There is no single, preferred high school course of study or specific classes required, but a college preparatory curriculum is highly recommended. 

To continue in the Medical Studies major, the student must maintain at least a 3.0 GPA in the required sciences and overall each semester.  To matriculate in their senior year to the PA Program, the student must have a cumulative GPA of at least 3.0 overall and in the required sciences and have completed at least 250 healthcare hours.  If the GPA requirement is not met in any semester, the student is placed on probation.  The second time this is not met the student loses his/her guaranteed seat in the PA Program and must change into another major.  If the student still wishes to pursue the PA degree at DeSales University, transition into the BA in Biology major is recommended and application to the Master’s PA Program in their senior year through CASPA is necessary.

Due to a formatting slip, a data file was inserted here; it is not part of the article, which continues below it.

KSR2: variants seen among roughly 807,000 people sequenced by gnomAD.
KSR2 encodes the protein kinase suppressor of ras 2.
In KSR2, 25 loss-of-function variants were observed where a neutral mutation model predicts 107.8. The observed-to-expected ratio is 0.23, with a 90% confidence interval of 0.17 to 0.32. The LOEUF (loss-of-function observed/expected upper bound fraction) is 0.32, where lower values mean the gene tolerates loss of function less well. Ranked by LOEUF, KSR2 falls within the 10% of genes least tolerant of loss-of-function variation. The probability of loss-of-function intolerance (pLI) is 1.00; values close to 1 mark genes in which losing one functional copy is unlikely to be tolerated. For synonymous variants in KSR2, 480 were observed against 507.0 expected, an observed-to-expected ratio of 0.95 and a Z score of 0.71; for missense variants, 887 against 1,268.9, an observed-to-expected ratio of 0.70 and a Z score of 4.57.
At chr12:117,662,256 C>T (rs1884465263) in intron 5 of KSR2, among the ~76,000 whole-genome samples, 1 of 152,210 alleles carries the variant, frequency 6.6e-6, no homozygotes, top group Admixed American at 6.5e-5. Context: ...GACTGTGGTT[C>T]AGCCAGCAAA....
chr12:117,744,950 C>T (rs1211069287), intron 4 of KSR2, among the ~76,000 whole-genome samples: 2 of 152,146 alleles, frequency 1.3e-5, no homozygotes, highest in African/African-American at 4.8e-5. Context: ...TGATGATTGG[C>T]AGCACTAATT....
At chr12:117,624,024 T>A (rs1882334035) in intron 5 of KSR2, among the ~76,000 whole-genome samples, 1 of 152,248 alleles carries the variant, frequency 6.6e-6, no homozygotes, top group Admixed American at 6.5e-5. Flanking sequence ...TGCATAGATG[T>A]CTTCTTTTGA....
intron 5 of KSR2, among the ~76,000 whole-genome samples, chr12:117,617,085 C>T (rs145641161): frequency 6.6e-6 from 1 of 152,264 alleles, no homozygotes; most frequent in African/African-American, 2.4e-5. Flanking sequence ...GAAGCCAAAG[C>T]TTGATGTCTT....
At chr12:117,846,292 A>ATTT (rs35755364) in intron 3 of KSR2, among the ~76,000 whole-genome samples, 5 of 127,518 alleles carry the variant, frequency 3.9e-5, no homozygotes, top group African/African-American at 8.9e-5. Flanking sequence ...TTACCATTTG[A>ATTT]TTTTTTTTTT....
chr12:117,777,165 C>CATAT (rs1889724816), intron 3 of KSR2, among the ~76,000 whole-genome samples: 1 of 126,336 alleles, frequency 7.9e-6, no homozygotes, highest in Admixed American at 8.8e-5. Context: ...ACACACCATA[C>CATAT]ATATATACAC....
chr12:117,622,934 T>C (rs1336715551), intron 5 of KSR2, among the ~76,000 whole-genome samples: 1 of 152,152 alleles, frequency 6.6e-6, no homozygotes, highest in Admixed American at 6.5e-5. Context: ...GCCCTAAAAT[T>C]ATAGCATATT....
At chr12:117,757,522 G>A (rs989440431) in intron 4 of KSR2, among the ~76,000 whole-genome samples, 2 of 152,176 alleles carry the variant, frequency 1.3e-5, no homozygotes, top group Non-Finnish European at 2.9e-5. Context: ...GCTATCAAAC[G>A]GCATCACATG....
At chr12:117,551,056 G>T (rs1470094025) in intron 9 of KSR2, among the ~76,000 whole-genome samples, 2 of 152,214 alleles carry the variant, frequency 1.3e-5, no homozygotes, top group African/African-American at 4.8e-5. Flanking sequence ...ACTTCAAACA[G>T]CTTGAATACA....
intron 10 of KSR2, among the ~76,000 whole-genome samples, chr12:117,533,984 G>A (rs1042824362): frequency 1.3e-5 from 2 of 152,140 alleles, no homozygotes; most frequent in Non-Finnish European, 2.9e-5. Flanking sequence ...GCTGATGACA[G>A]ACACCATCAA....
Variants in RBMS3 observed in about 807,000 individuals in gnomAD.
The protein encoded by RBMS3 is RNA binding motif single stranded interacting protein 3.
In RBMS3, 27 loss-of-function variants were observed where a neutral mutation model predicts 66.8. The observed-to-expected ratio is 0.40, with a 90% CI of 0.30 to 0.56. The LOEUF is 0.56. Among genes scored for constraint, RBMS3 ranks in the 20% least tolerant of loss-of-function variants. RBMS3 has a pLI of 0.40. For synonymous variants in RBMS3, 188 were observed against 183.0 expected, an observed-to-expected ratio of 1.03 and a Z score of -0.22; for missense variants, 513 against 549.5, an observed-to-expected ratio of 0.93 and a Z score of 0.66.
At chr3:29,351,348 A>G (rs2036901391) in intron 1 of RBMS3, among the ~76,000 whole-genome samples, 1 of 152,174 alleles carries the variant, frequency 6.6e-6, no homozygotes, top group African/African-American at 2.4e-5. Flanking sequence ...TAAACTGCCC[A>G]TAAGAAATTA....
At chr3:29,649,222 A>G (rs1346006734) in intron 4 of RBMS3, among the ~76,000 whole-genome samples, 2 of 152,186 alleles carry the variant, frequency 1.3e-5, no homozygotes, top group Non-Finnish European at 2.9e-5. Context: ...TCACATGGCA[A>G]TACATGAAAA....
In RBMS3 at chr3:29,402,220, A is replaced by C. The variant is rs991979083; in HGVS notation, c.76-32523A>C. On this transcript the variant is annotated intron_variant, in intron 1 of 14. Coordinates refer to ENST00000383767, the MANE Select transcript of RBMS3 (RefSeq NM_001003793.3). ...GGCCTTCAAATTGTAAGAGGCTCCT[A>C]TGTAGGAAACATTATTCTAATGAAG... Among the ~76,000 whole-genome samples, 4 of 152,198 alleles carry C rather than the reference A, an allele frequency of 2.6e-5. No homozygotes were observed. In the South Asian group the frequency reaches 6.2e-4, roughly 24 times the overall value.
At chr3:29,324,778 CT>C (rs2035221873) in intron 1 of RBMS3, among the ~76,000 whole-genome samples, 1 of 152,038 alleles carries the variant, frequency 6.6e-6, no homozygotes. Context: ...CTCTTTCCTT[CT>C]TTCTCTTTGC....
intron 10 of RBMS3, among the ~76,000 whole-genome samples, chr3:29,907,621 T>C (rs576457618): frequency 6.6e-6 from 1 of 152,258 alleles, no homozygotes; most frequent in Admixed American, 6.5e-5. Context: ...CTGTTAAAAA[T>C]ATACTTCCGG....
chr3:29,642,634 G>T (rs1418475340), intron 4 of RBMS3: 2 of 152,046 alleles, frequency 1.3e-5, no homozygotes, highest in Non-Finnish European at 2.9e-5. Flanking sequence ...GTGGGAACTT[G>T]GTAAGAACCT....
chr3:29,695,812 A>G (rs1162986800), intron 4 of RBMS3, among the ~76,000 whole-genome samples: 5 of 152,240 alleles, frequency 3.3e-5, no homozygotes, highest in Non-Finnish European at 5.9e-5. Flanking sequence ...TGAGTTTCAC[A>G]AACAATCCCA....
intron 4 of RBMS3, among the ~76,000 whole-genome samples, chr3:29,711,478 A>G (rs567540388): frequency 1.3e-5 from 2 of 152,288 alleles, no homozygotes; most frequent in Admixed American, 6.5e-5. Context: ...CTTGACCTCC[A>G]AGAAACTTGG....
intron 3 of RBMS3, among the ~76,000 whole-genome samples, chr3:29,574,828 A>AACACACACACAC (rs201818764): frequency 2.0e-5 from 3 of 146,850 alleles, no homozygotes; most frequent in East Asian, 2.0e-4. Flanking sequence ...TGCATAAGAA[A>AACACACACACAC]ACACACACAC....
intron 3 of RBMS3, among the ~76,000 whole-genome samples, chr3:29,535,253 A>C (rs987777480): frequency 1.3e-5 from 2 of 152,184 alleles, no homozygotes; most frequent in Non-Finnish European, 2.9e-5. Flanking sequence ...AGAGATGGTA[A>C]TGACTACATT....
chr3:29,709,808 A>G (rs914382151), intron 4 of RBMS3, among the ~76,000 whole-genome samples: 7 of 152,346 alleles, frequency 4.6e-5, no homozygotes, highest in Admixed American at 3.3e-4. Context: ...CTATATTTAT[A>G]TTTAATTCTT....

Learn more about the Graduate Program

DeSales Physician Assistant Program News


DeSales Students Participate in Mass Casualty Training

by Katherine Bortz '15 | Oct 27, 2013
DeSales students participate in an emergency drill.Students treat a "victim" outside of Dooling Hall during the University's mass casualty drill. Nursing and physician assistant students cooperated with local EMS providers. (Photo by Amy Herzog '10)

On Sunday, October 27, DeSales University hosted a mock emergency event—the aftermath of a school shooting.